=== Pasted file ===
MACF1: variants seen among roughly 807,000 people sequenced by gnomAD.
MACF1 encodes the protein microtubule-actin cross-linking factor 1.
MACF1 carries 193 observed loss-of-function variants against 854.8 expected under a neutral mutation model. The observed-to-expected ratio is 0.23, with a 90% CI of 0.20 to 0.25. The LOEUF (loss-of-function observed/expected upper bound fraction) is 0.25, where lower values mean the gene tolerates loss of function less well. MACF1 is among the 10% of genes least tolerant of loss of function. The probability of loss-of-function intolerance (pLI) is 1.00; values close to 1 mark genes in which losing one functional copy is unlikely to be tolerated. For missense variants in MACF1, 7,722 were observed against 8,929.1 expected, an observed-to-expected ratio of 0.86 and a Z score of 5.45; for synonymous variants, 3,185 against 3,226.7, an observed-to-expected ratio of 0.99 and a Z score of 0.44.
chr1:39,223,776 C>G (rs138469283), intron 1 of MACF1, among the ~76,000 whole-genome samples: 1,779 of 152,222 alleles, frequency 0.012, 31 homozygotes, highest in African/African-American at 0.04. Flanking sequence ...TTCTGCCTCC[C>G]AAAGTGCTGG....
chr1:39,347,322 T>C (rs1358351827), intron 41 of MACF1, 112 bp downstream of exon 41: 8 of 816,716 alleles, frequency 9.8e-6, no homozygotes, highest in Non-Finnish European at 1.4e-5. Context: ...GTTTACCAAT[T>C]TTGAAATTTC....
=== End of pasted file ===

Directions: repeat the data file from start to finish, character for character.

MACF1: variants seen among roughly 807,000 people sequenced by gnomAD.
MACF1 encodes the protein microtubule-actin cross-linking factor 1.
MACF1 carries 193 observed loss-of-function variants against 854.8 expected under a neutral mutation model. The observed-to-expected ratio is 0.23, with a 90% CI of 0.20 to 0.25. The LOEUF (loss-of-function observed/expected upper bound fraction) is 0.25, where lower values mean the gene tolerates loss of function less well. MACF1 is among the 10% of genes least tolerant of loss of function. The probability of loss-of-function intolerance (pLI) is 1.00; values close to 1 mark genes in which losing one functional copy is unlikely to be tolerated. For missense variants in MACF1, 7,722 were observed against 8,929.1 expected, an observed-to-expected ratio of 0.86 and a Z score of 5.45; for synonymous variants, 3,185 against 3,226.7, an observed-to-expected ratio of 0.99 and a Z score of 0.44.
chr1:39,223,776 C>G (rs138469283), intron 1 of MACF1, among the ~76,000 whole-genome samples: 1,779 of 152,222 alleles, frequency 0.012, 31 homozygotes, highest in African/African-American at 0.04. Flanking sequence ...TTCTGCCTCC[C>G]AAAGTGCTGG....
chr1:39,347,322 T>C (rs1358351827), intron 41 of MACF1, 112 bp downstream of exon 41: 8 of 816,716 alleles, frequency 9.8e-6, no homozygotes, highest in Non-Finnish European at 1.4e-5. Context: ...GTTTACCAAT[T>C]TTGAAATTTC....